Nor, for that matter, can Gernika be left in peace, given its symbolic importance both to the Basque Country and to the wider world. In 2014, the Museum for Peace in Gernika awarded its Prize for Peace and Reconciliation to Arnaldo Otegi, the Secretary-General of Sortu (then imprisoned by the Spanish State for ‘glorifying terrorism’) and to Jesús Eguiguren, the President of the PSE-EE (affiliate of the PSOE in the Basque Country), for their participation in peace negotiations. Otegi and Eguiguren received the award along with the Brazilian Landless Workers’ Movement (Movimento Sem Terra). In response, the National Court in Madrid heard a prosecution case brought against for the mayor of Gernika by a civil society association with close links to the Partido Popular. The allegation was that the award, for which the mayor was responsible, amounted to a ‘glorification of terrorism’.
There is a savage irony in a political regime, established through high altitude bombing, mass civilian slaughter and brutal repression and torture, becoming concerned with the ‘glorification of terrorism’ in the town where its murderous feats gained global notoriety. It is also important to recall, in this regard, that during the repression in the Basque Country following the fascist putsch of 1936, 29 elected mayors were executed by Francoist forces, and that the mayor of Gernika was in this case under investigation from a judicial organ, the National Court, established by Francoists in order to exercise jurisdiction throughout the whole of the Spanish State.
For the Spanish nationalist forces controlling the state, people seeking independence for the Basque Country have long constituted an enemy within, subjected to political repression, vilification, and torture. Each and every political enemy -Basque or not- is routinely presented by ruling politicians and media outlets as either in cahoots with ETA, or the same thing as ETA. This is reflected in the reasoning of the National Court. It has maintained in its sentencing that ETA is not simply an armed paramilitary organisation, but a broad array of cultural, social and political organisations. As philosopher Juan Domingo Sánchez points out, ‘even if these organisations were to condemn ETA and to pronounce every curse from every holy book upon them, they would still not cease ‘being ETA’’.
Former Amaiur deputy in the Spanish Congress, Sabino Cuadra, says that the attitude of the ruling powers in Madrid to ETA’s cessation of activities is that ‘rather than a peace and democratic normalisation based on dialogue, negotiation and agreement, they seek to impose another peace, like the one in 1936, that speaks only of the victors and the vanquished’. It is ‘a false peace that our people rejects’.
The intransigent contempt -at best- demonstrated by the Partido Popular and the Spanish right towards the campaign for Basque independence cannot be separated from the history of brutal repression most vividly captured in the memory of Gernika. Nor can it be separated from its reactionary and anti-democratic character of its social and economic policies and its approach to the rule of law more generally. Jaume Asens and Gerardo Pissarello characterise the Partido Popular approach to the law as:
‘The law that criminalises whoever raises her voice. The one that expels the indignados from public squares, that treats striking workers as ‘rats’ and evictees as ‘Nazis’. And alongside it, the penal law of one’s friends. The law that is placed in the service of power and that looks the other way whenever there is tax fraud, the one that pardons big bankers and promotes or absolves police violence. This is nothing original. The punitive violence of the State has always found its enemies. And when it hasn’t, it has invented them. The inquisition persecuted peasants driven from their lands by accusing them of being witches. The propertied classes persecuted workers by accusing them of being degenerates, scum, vagrants. Seen in a historical dimension, names such as perro-flautas or ‘terrorists’ are often variations of a long-standing hatred. A hatred that implicitly carries demophobia, the classist (and even racist) hatred that the powerful feel towards those who might endanger their privileges.’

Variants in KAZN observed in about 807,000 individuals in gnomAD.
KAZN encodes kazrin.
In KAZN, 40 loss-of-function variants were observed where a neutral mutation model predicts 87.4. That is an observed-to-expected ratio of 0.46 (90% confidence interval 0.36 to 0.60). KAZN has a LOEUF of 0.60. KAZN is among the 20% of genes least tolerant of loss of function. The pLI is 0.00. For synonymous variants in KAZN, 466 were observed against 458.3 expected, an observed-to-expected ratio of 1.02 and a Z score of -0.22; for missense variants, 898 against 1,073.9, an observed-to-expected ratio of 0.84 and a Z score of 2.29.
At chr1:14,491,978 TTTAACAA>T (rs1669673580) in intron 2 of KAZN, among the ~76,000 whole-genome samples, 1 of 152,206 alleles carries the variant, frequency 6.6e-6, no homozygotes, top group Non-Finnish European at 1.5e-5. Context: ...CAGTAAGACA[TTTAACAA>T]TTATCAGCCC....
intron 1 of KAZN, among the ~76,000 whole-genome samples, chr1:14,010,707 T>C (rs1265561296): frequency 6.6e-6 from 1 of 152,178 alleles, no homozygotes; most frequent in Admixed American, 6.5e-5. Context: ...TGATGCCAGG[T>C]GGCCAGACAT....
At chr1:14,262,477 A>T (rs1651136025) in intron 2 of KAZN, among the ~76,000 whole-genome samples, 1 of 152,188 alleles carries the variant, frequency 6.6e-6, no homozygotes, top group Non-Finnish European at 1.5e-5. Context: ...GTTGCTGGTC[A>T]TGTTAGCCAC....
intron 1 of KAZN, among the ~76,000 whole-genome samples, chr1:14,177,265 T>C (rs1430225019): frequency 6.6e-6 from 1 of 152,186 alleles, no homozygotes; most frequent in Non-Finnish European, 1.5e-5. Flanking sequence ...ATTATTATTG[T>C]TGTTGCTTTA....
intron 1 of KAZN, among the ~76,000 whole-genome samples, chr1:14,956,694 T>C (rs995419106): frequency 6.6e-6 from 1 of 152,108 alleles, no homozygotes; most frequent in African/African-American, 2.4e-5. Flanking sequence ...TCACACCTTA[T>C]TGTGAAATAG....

The full force of this law has been brought to bear on people fleeing their countries of origin in the same way as hundreds of thousands once fled Spain fearing persecution and death. In October 2015, 15 West African migrants died as they tried to swim to the Tarajal beach in Ceuta, Spain’s outpost in North Africa. Spain’s Civil Guard fired 145 rubber bullets at them, and later claimed this was justified on account of the “attitude” of the swimmers. The action was deemed lawful by the courts. Prisoners in the country’s Foreigner Internment Centres have staged revolts against the brutal treatment received at the hands of the authorities. At the end of one revolt, in October 2016, in which prisoners agreed to come down from the roof on the word that there would be no reprisals, a prisoner told a newspaper that “we came down off the roof and they gave us a tremendous beating. I have huge pain in my sides. Some of us are barely able to breathe. We have bruises everywhere”.
Spain presents itself to the world as an outward-looking democracy. Its ruling political party is in the same parliamentary grouping as Fine Gael in the European Parliament, an expression of a common outlook that can be traced back to the era of Blueshirts setting off to aid Franco in crushing the Republic. Though the Partido Popular is at one with other ‘moderate’ forces in the European Union in pronouncing on the dangers of ‘populism’, its roots in 20th century anti-democratic revanchism, and its fidelity to those roots, cannot be ignored.
But the Spanish State, with its history of anti-democratic repression on one hand and subterranean struggles for democratic equality and solidarity on the other, is only one part of the picture. It is important to recall that whereas the indiscriminate bombing of places in such places as Bilbao, Durango and Gernika during the Spanish Civil War appeared to the wider world as exceptional and unprecedented brutal events. That is how they still appear in our imagination. However, the percentage of civilians killed in wars in the 21st century is far higher. What is more, these bombing massacres are carried out by regimes that present themselves as democratic whilst systematically undermining the material basis for genuine democratic equality. They frequently justify these atrocities in terms of protecting against the threat from new kinds of fascism. Faced with this, and the brutal indifference and contempt that greets people fleeing war zones in search of a better life, perhaps the best question to ask is: did we do this? Assuming, of course, that we do not wish to be like the Nazi perusing Picasso’s studio.